Dell EMC: More Power, Fewer Processors
Posted on Tuesday, January 29, 2019
In the world of enterprise computing, more is more. More RAM means more computational speed. More disks mean more storage capacity. But now Dell EMC is telling us that fewer CPUs mean more processing power.
And to demonstrate this belief, Dell EMC is shipping an increased number of PowerEdge R6415 servers. These large 1U machines ship with a single CPU socket.
What is going on?
Aside from the single socket, the Dell EMC PowerEdge server model R6415 is nothing particularly remarkable. With space for 10 NVMe drives, 2TB of RAM and 128 PCIe lanes, these servers are perfectly performant– but how do they achieve a 20% efficiency gain over a dual-socket system?
The key to Dell EMC’s claims is what sits in the single socket. The PowerEdge R6415 is fitted with a 32-core AMD Epyc processor, providing plenty of power from a single CPU.
By switching to a single, powerful CPU, the R6415 demands less power and cooling resources to deliver similar performance to a dual-CPU server.
The server is already gaining traction in big data applications. Designed for ultra-dense, scale-out environments, the R6415 has been selected by Nikhef (the Dutch National Institute for Subatomic Physics) as the backbone for their particle physics research program. These servers will help scientists to analyze and assess the vast amounts of data generated by the Large Hadron Collider at CERN, for example.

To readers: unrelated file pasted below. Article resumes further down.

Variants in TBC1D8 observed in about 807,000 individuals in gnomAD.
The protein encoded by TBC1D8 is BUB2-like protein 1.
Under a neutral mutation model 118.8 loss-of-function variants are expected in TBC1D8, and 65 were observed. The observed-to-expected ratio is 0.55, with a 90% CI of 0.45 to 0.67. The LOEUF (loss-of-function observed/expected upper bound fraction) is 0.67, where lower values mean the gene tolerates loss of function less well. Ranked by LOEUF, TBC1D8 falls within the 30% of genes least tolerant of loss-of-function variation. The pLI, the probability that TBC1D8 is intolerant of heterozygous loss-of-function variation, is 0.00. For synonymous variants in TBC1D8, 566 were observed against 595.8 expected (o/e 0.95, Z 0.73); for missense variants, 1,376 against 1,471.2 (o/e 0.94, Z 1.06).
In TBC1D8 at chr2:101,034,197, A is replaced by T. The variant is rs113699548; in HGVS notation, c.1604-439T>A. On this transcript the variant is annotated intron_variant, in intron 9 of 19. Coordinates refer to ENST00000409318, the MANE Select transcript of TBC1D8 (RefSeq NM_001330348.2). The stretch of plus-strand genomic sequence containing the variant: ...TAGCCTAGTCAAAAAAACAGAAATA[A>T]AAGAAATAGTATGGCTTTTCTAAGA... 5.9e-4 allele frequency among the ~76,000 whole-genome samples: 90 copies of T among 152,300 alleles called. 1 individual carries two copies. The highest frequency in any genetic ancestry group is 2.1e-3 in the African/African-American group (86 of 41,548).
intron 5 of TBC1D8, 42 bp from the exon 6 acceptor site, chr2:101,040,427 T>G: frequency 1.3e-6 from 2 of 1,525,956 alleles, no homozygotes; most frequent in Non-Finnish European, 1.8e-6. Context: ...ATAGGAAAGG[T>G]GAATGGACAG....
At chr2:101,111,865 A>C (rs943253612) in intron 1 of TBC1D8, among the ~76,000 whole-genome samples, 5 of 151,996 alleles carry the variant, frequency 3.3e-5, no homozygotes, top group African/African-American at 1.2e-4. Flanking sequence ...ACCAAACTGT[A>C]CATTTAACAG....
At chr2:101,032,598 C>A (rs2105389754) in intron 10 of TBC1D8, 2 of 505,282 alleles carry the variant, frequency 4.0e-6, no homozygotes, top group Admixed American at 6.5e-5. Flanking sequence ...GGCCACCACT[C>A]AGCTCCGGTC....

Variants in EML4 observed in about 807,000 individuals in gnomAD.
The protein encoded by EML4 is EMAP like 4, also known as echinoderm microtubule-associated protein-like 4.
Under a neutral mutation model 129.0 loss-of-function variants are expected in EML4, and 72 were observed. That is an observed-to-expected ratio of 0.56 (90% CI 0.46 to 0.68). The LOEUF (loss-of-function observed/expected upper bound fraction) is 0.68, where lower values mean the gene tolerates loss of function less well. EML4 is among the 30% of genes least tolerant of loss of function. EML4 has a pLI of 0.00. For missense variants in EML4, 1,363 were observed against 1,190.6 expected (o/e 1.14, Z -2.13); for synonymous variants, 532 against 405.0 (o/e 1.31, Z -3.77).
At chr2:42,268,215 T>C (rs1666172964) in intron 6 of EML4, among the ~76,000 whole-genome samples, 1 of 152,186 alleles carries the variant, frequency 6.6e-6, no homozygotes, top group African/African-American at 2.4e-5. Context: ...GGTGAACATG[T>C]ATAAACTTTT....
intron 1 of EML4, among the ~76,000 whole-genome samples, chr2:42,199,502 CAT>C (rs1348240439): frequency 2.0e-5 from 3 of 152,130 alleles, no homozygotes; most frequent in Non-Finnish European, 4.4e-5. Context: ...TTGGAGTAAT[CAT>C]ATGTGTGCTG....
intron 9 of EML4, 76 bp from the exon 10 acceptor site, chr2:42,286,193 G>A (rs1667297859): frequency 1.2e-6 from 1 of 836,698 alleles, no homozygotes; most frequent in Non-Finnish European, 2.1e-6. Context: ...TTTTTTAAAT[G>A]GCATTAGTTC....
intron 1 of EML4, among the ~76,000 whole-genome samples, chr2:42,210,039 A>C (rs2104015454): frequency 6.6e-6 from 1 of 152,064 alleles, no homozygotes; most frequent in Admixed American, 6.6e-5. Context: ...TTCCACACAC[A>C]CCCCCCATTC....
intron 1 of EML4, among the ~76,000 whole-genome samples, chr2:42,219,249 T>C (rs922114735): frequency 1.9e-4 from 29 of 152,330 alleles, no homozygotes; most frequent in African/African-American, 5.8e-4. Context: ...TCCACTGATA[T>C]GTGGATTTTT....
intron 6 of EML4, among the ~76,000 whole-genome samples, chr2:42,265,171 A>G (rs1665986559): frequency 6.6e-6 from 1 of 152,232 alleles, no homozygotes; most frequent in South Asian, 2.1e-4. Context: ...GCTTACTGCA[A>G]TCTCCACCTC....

More processing grunt, lower power demands, and the ease of infrastructure expansion make this particular PowerEdge server a particularly attractive option for ultra-dense, high-performance server farms.
Although the future looks bright for single-socket servers, many businesses are still reliant on older Dell EMC PowerEdge servers. But so long as these machines continue to perform at an acceptable standard, there’s no reason to rush into replacing them yet.
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